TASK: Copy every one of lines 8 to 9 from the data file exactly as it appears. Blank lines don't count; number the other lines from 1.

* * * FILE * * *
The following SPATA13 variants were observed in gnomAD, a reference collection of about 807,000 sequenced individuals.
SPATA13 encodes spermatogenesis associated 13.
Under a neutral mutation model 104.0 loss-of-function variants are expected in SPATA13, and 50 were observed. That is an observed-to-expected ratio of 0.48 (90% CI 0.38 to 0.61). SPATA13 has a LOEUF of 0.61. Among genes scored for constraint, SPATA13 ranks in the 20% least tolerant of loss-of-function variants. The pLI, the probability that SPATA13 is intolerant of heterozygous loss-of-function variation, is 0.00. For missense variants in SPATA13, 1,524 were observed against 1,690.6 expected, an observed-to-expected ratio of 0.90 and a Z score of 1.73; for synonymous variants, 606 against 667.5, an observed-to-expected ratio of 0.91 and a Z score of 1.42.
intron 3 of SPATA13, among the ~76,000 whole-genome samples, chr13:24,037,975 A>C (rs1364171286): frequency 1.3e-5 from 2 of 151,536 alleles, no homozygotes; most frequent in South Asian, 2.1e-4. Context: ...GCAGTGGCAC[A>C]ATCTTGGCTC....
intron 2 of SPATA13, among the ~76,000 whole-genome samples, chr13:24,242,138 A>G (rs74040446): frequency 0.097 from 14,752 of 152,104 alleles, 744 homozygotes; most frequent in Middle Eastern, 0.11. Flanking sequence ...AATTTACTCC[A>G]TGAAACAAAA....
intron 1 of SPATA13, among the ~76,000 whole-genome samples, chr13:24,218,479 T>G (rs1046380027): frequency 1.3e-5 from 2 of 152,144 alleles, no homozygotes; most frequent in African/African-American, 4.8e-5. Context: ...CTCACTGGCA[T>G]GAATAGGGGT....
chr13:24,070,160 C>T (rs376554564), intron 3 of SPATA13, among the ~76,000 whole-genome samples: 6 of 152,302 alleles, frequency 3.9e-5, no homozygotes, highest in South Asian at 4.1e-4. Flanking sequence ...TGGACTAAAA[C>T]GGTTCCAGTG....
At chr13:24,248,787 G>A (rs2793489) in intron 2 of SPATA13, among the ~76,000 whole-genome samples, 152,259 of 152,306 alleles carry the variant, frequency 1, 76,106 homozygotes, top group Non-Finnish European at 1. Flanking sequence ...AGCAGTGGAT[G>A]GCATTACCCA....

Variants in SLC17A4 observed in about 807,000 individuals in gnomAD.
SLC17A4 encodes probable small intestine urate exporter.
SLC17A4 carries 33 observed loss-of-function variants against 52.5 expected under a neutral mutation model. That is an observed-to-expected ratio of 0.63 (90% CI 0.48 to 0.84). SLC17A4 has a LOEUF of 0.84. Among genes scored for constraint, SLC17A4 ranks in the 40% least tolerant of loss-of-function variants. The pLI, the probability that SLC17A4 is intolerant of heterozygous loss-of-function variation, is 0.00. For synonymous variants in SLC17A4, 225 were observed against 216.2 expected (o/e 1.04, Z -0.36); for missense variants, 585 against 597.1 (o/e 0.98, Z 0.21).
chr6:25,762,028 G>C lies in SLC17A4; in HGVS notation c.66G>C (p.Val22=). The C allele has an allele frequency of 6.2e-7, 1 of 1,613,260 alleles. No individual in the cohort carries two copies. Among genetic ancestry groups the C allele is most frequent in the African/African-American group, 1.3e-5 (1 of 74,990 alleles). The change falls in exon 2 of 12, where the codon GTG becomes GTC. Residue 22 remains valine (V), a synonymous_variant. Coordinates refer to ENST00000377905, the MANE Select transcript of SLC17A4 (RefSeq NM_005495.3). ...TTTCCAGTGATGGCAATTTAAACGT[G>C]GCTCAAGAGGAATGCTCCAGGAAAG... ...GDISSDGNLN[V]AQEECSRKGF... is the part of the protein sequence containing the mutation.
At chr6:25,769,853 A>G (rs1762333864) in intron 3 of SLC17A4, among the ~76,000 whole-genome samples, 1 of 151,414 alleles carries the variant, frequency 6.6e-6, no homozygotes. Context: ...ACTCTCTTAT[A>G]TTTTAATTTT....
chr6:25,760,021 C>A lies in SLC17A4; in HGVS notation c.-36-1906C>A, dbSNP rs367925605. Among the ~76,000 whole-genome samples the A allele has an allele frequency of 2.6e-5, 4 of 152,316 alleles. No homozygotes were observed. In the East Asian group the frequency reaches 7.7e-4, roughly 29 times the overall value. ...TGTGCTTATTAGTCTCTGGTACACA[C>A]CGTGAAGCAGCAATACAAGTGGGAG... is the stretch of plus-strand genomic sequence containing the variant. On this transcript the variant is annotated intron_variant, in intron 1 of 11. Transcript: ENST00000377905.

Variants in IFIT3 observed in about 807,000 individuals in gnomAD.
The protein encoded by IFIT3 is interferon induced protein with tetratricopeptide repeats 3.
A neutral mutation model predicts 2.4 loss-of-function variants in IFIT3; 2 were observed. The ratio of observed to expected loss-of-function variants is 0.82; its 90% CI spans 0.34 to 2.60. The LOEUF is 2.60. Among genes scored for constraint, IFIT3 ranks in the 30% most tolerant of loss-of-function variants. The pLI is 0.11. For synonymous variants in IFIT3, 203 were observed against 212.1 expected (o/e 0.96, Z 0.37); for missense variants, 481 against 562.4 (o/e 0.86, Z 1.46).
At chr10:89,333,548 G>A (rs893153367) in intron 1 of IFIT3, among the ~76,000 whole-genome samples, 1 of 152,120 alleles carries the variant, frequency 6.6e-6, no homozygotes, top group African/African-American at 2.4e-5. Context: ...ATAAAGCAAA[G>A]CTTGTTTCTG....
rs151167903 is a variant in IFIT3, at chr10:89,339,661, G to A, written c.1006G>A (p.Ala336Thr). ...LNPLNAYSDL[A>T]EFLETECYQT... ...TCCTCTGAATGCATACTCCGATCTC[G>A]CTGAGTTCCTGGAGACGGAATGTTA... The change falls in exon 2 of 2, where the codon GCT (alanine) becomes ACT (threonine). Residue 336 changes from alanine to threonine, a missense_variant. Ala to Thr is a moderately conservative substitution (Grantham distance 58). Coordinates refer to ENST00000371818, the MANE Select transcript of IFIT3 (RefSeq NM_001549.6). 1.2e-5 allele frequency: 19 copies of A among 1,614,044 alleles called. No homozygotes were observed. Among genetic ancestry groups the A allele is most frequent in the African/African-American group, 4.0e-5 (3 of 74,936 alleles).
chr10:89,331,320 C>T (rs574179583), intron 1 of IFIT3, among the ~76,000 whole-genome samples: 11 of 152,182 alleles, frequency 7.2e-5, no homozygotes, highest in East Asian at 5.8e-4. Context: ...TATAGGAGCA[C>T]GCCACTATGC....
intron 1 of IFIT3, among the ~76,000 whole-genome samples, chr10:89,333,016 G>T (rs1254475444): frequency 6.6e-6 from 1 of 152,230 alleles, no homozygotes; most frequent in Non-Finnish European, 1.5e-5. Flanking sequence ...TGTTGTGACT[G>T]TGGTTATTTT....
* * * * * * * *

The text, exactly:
At chr13:24,248,787 G>A (rs2793489) in intron 2 of SPATA13, among the ~76,000 whole-genome samples, 152,259 of 152,306 alleles carry the variant, frequency 1, 76,106 homozygotes, top group Non-Finnish European at 1. Flanking sequence ...AGCAGTGGAT[G>A]GCATTACCCA....

Variants in SLC17A4 observed in about 807,000 individuals in gnomAD.